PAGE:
general relativity in which the gravity of the Sun, for example, is no longer a force but a distortion in the very fabric of the Universe. A simple analogy is the way in which a heavy ball sitting on a rubber sheet distorts it, making an indentation, so that any small objects in the vicinity tend to roll towards it. The Earth may seem to follow an elliptical orbit around the Sun, says Francis Everitt, the British-born physicist who heads the Gravity Probe B project at Stanford University in California, "but what it's actually doing is following straight lines in curved space-time". Gravity Probe B is now taking shape in Everitt's laboratory. General relativity neatly avoids the problem of instantaneous transmission, but is it true? Relativity makes several predictions that allow it to be tested. Starlight, for example, should be influenced by a gravitational field and the elliptical orbit of Mercury should gradually turn in its plane. Both of these effects have been observed, but physicists want more.

A Big Drag

Relativity also predicts that when a massive object rotates it tends to drag space and time with it. This effect is known as frame dragging and it should manifest itself as a force that pushes a gyroscope's axis out of alignment as it orbits the Earth. Gravity Probe B will attempt to measure the force, gravitomagnetism, giving scientists an important insight into how it might affect objects that are much larger than ping pong balls, such as black holes.At the same time, the gyroscopes will experience a much bigger force the geodetic effect which is a result of the warping of space-time predicted by Einstein (see Diagram). This force will tend to push their axes in a direction perpendicular to the frame-dragging effect which allow it to be measured separately.The geodetic effect is hundreds of times bigger than frame dragging and the experiment should measure its size with an accuracy of 0.01 per cent the most severe test of general relativity ever undertaken.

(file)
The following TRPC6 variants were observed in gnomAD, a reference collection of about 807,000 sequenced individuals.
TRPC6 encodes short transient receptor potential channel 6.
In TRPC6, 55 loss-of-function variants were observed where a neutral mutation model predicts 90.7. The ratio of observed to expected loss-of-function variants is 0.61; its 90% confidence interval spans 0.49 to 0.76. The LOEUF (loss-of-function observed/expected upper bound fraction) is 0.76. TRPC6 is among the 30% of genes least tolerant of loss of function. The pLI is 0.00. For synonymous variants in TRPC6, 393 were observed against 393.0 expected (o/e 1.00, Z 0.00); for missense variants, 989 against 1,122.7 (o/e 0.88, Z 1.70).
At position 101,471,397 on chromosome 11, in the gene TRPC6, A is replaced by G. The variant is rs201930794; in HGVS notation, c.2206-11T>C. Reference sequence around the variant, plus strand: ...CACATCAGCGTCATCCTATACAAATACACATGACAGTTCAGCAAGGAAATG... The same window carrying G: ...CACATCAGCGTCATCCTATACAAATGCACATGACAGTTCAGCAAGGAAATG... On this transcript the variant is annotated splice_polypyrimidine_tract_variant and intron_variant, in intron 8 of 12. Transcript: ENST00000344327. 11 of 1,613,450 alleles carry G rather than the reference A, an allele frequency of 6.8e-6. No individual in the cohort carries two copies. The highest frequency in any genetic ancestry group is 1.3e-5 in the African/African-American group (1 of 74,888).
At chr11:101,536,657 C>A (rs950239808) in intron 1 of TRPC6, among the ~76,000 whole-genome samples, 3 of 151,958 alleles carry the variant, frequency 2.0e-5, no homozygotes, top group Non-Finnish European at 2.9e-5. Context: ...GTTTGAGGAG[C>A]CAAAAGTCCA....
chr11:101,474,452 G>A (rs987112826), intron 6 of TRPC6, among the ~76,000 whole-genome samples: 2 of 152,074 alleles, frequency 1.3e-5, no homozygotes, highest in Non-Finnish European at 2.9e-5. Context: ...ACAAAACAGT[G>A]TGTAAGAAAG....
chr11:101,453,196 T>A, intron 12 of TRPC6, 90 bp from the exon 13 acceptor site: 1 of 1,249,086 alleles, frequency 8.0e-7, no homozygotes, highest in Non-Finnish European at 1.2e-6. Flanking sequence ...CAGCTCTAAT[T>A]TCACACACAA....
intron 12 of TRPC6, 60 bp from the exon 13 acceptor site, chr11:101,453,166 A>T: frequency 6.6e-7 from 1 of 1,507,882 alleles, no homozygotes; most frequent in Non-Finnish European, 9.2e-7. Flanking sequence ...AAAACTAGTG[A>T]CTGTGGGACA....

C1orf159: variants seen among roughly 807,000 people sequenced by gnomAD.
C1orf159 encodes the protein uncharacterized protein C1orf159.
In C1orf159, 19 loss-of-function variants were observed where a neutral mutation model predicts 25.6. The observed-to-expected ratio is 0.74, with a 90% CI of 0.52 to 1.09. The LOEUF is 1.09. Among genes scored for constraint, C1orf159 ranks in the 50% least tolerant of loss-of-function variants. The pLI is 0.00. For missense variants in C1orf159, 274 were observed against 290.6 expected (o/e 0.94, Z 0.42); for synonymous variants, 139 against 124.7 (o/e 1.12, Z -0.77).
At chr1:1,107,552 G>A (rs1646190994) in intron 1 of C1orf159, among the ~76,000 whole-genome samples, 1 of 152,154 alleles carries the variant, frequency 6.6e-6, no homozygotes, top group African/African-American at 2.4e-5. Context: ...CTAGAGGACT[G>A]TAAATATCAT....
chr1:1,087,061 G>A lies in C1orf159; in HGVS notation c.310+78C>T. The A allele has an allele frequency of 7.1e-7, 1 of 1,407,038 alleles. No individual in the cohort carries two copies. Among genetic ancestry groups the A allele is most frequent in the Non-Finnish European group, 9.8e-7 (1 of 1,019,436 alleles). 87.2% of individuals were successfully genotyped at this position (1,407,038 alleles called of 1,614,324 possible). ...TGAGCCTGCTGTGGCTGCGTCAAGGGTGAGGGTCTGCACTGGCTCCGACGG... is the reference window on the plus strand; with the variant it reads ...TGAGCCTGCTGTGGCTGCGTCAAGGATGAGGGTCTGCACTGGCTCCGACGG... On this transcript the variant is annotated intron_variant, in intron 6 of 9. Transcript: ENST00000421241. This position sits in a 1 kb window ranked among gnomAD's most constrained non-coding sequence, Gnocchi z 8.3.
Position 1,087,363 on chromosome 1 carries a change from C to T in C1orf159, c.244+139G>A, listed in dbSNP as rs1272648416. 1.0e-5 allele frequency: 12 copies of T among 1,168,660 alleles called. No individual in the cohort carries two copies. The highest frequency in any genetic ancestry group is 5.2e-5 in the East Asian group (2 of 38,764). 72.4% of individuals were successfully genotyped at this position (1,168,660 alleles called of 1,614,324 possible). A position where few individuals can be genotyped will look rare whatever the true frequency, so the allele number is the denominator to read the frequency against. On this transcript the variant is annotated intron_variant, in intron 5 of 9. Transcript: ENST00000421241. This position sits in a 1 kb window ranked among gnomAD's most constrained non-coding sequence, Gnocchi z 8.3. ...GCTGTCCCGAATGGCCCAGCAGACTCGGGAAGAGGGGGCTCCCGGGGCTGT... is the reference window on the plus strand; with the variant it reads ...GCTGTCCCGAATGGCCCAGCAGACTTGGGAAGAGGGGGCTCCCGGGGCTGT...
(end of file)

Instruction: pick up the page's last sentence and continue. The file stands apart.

While the geodetic effect was first detected in 1988, gravitomagnetism has remained hidden because it is extremely weak. To get some idea of how weak it is, imagine that the axes of the spinning spheres are a kilometre long. In the course of a year, this force would move the ends of the axes by the width of a human hair, an angle of only 40 milliarcseconds. Gravity Probe B is designed to measure this effect with an accuracy of 1 per cent but it will be no easy task the slightest interference from unwanted forces will overwhelm the results.

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